Red Sea Blues

Sailing up the Red Sea is not for the faint of heart. From the Bab al Mandeb to the Suez Canal, adventures and adversity are in abundance. If you take things too seriously, you just might get the Red Sea Blues.

Red Sea Chronicles Trailer

If you like drum beats, and you like adventure, then have a listen to the Red Sea Chronicles Trailer.

Red Sea Chronicles Episode 1 - When Flying Fish Attack

Flying fish assault Exit Only in the middle of the night as we sail through the Arabian Gulf from the Maldives to Oman. And so begins our Red Sea adventures.

Red Sea Chronicles Episode 2 - Pirate Alley

Sailing through Pirate Alley between Yemen and Somalia involves calculated risk. It may not be Russian Roulette, but it is a bit of a worry. Follow Team Maxing Out as they navigate through Pirate Alley.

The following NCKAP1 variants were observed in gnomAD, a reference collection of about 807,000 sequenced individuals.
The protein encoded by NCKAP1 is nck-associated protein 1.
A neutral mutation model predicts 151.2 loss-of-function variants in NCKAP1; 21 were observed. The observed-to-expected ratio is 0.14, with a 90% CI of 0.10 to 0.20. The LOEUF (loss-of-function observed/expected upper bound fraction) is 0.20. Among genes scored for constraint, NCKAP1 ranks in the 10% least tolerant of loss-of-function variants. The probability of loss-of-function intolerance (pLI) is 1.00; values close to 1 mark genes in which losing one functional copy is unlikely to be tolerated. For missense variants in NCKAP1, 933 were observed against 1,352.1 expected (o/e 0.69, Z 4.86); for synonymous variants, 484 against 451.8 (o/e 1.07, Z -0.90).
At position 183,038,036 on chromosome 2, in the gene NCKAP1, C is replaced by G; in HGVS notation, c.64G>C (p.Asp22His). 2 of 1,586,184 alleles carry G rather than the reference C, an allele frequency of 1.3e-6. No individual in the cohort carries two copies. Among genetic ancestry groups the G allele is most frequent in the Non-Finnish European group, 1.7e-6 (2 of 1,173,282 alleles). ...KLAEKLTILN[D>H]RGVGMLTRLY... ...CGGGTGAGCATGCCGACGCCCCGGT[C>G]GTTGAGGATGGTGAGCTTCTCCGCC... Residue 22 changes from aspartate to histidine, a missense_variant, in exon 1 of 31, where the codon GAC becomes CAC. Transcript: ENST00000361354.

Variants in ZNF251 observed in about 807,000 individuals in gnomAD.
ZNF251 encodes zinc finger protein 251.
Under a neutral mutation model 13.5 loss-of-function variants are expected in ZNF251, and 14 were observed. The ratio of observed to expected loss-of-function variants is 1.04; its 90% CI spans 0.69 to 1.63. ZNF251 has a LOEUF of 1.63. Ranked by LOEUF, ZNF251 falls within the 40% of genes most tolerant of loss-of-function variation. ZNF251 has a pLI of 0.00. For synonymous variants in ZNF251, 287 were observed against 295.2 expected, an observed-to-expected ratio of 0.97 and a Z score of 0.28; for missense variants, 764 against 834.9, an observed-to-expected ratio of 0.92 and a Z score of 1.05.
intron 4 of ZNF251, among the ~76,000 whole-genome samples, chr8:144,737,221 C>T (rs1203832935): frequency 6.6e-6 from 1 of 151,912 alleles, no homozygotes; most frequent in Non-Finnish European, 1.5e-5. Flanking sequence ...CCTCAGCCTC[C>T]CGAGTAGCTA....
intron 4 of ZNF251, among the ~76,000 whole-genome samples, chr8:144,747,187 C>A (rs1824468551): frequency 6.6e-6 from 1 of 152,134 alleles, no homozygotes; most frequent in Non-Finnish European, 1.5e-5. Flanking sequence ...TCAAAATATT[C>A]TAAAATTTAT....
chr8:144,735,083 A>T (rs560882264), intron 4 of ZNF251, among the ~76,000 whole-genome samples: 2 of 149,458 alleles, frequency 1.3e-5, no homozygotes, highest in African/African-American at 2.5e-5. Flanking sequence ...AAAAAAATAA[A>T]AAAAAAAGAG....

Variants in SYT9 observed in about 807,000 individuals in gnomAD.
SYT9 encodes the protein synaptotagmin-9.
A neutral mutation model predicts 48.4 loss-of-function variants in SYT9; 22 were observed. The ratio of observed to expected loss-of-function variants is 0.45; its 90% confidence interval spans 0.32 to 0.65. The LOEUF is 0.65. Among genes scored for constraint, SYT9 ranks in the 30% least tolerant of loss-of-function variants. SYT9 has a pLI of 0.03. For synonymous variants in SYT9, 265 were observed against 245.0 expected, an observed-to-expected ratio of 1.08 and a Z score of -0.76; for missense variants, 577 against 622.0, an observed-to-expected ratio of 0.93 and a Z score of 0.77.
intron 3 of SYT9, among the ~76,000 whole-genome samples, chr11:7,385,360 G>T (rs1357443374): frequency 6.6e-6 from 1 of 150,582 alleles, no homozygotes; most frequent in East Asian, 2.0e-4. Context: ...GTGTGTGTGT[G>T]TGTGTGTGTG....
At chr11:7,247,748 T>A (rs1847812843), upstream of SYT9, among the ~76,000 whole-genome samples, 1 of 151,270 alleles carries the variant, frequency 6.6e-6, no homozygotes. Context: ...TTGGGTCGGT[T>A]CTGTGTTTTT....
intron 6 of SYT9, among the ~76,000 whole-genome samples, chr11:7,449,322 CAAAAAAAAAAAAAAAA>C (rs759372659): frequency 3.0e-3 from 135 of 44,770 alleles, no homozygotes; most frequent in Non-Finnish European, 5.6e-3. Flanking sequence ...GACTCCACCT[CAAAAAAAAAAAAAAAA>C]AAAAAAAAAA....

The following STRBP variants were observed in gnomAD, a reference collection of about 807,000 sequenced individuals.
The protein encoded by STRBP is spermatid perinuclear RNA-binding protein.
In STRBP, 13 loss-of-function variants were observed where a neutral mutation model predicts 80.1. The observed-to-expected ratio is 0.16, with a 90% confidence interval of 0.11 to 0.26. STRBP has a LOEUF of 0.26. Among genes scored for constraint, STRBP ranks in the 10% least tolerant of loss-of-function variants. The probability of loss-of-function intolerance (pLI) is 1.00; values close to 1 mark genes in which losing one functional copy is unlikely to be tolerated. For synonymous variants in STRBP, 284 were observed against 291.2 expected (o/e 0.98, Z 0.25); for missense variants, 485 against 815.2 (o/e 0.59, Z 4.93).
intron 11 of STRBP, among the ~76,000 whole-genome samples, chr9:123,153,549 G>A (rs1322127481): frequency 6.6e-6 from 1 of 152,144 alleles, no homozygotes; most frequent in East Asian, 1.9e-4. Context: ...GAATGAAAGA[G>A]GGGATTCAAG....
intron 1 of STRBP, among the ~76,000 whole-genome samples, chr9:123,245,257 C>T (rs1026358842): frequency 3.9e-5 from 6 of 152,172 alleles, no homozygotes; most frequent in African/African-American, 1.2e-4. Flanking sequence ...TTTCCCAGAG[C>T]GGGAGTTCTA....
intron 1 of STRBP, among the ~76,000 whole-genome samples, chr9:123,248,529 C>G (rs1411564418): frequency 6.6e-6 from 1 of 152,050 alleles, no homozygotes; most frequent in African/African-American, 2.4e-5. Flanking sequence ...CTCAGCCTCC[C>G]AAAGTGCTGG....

Red Sea Chronicles Episode 3 - Aden, Yemen

Stopping in Yemen was just what the doctor ordered. We refueled, repaired our alternator, and we made friends with our gracious Yemeni hosts. We also went to Baskins Robbins as a reward for surviving Pirate Alley.

Red Sea Chronicles Episode 4- Gate of Sorrows and Sandstorms

After you survive Pirate Alley, you must sail through the Gate of Sorrows (Bab Al Mandab) at the southern entrance to the Red Sea. The Gate of Sorrows lived up to its name with fifty knots of wind and a sandstorm that pummeled Exit Only for two days. Life is good.

Patreon - Maxing Out

Captain Dave and his family spent eleven years sailing around the world on their Privilege 39 catamaran, Exit Only. During the trip, the crew shot 200 hours of video with professional cameras to show people what it's like to sail on a small boat around the world.